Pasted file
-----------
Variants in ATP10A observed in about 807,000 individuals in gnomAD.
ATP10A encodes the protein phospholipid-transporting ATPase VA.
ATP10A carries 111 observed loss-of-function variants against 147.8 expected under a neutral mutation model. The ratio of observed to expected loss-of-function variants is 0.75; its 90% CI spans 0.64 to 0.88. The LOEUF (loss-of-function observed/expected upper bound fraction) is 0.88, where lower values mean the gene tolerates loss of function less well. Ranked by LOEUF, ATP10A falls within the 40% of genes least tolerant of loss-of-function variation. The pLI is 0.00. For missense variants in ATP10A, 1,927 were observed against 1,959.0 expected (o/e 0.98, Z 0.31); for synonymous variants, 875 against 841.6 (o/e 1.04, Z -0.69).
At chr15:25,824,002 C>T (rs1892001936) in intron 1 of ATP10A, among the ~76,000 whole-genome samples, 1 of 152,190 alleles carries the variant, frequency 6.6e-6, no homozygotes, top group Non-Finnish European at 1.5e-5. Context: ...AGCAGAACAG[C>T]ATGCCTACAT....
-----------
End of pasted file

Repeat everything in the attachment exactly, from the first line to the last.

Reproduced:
Variants in ATP10A observed in about 807,000 individuals in gnomAD.
ATP10A encodes the protein phospholipid-transporting ATPase VA.
ATP10A carries 111 observed loss-of-function variants against 147.8 expected under a neutral mutation model. The ratio of observed to expected loss-of-function variants is 0.75; its 90% CI spans 0.64 to 0.88. The LOEUF (loss-of-function observed/expected upper bound fraction) is 0.88, where lower values mean the gene tolerates loss of function less well. Ranked by LOEUF, ATP10A falls within the 40% of genes least tolerant of loss-of-function variation. The pLI is 0.00. For missense variants in ATP10A, 1,927 were observed against 1,959.0 expected (o/e 0.98, Z 0.31); for synonymous variants, 875 against 841.6 (o/e 1.04, Z -0.69).
At chr15:25,824,002 C>T (rs1892001936) in intron 1 of ATP10A, among the ~76,000 whole-genome samples, 1 of 152,190 alleles carries the variant, frequency 6.6e-6, no homozygotes, top group Non-Finnish European at 1.5e-5. Context: ...AGCAGAACAG[C>T]ATGCCTACAT....